Batteries are a key component in your boat – they help you start the engine, run fridges, and provide lighting, to name a few. If they’re not working at their optimum levels, your next boating holiday could end up being a big disappointment.
Two weeks beforehand
About a fortnight before your trip, complete these tasks:
- Look up battery age: the older your batteries, the more likely they are to fail. Check your records to see when your batteries were last replaced. If more than three years ago, consider replacing them before your trip.
- Take your boat out: See how the boat starts from the batteries, rather than a dockside start from shore power. If you notice a sluggish start, the batteries might not be charging fully.
- Check alternators: a gauge on your boat’s dashboard shows the voltage output for each alternator. This should be around 13.8-14 volts when the engine is running.
- Check onboard battery charger: if you have shore power, you can monitor the charger function using the volt meter on the AC voltage distribution panel. This should be around 13.8-14 volts during charging.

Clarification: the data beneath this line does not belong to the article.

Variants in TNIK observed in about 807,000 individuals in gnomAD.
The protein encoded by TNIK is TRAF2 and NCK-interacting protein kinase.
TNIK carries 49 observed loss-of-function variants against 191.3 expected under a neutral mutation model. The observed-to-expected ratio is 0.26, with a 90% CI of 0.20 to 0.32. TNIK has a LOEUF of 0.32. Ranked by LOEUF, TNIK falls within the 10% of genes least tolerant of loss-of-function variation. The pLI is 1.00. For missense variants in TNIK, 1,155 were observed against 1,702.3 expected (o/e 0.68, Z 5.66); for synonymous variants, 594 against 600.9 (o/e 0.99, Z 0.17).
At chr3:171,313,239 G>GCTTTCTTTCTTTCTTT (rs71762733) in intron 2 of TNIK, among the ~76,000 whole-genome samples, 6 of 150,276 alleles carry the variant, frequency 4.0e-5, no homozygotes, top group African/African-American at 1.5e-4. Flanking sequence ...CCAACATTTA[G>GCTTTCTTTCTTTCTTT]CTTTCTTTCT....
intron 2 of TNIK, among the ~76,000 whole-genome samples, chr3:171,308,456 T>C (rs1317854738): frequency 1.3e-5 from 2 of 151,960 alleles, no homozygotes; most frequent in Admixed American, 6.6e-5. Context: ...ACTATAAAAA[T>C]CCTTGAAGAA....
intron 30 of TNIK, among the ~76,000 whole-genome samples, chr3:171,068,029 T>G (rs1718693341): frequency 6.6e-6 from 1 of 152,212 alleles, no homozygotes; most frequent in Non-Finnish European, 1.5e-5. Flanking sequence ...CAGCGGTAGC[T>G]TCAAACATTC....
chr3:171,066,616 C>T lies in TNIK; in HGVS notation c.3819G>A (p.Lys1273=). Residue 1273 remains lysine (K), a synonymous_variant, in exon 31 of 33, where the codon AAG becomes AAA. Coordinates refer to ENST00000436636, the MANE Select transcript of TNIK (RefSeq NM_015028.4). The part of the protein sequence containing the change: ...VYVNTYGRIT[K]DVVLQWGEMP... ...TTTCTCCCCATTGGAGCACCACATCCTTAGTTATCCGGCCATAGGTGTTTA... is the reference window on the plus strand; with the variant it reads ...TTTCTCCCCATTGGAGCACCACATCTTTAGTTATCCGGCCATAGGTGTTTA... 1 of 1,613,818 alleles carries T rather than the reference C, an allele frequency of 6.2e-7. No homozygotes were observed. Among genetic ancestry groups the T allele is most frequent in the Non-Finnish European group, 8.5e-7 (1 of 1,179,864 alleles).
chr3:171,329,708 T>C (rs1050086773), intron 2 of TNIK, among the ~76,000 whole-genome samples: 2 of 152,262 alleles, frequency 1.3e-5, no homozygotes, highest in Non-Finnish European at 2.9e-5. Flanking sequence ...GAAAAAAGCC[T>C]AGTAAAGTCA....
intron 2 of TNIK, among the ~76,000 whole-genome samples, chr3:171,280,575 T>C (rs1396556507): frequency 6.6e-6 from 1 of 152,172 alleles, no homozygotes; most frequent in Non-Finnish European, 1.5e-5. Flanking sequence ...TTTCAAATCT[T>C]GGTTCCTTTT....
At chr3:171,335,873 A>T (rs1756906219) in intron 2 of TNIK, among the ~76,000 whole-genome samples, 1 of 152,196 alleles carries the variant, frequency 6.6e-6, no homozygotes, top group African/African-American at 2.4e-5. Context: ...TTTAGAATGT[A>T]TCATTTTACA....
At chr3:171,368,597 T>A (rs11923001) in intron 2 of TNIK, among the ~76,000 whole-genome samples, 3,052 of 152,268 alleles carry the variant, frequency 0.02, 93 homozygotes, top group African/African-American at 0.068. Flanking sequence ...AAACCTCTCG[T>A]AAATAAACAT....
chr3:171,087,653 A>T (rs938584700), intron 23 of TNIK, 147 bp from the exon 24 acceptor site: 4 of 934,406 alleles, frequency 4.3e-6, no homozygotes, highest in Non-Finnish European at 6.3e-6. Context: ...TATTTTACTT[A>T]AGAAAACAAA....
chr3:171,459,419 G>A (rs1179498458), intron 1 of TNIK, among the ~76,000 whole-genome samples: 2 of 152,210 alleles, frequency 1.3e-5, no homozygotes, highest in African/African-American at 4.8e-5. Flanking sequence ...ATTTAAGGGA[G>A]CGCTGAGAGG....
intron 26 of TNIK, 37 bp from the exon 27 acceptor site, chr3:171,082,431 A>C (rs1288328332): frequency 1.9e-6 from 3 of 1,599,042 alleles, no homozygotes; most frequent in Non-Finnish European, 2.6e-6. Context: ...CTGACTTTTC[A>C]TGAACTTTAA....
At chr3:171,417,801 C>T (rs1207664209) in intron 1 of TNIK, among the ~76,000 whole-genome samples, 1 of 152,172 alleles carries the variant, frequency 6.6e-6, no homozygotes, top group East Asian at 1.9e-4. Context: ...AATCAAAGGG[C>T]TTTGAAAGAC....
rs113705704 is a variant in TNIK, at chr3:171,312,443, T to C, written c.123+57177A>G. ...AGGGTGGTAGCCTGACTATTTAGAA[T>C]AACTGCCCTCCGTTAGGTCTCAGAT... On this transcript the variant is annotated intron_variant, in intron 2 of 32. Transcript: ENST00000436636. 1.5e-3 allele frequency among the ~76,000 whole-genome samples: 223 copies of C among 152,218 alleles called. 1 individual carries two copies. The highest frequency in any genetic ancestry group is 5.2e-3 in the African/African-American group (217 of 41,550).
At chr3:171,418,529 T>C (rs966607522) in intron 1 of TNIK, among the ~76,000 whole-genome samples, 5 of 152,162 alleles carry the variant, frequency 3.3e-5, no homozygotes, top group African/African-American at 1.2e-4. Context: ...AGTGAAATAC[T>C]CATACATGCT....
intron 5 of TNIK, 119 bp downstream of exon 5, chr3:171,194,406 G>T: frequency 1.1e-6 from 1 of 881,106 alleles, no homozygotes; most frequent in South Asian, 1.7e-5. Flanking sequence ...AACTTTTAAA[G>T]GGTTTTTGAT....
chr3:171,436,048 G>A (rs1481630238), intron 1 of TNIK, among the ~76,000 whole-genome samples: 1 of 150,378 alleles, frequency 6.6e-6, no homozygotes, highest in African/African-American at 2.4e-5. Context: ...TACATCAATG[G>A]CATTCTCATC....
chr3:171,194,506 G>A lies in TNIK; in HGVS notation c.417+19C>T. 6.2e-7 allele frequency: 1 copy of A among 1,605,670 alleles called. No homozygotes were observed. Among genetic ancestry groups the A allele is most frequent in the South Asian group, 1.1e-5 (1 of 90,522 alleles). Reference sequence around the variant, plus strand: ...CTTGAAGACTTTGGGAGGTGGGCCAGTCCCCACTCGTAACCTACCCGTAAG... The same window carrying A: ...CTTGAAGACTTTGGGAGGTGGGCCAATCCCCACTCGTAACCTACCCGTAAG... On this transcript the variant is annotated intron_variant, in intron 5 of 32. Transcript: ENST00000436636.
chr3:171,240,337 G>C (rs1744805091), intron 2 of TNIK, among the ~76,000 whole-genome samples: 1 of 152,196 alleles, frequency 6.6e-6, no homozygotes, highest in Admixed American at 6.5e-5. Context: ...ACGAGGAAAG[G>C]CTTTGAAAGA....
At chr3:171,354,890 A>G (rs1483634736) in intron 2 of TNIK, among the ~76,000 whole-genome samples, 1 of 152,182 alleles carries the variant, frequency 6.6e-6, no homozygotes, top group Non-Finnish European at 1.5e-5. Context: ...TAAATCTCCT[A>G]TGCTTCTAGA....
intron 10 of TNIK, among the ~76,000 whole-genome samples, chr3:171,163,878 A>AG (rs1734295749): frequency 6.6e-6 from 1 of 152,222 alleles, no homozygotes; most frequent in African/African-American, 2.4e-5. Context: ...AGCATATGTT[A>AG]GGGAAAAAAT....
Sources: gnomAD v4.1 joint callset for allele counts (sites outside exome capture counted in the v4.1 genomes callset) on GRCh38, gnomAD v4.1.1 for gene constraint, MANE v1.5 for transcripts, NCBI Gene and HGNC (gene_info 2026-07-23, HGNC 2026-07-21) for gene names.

- Check fluid levels: wet cell batteries require good levels of water to create an electrolytic reaction. If fluid levels are frequently low, the battery life will be severely shortened. If you see that one cell is significantly lower in fluid than others, it could be a sign that the water is being boiled dry in that cell, and the battery is about to fail.
A week beforehand
Around a week before your trip, complete these tasks:
- Inspect connections: check the conditions of the main cable connectors for each battery. Clean these if they look dirty.
- Have batteries tested: you can take your batteries to your usual boat maintenance shop (we regularly perform this service for customers) or to a battery shop to check their current function.
During the trip
If the vessel is equipped with a generator, run the generator with the battery charger on for at least 1 hour in every 4, to keep the batteries topped up and ready for action.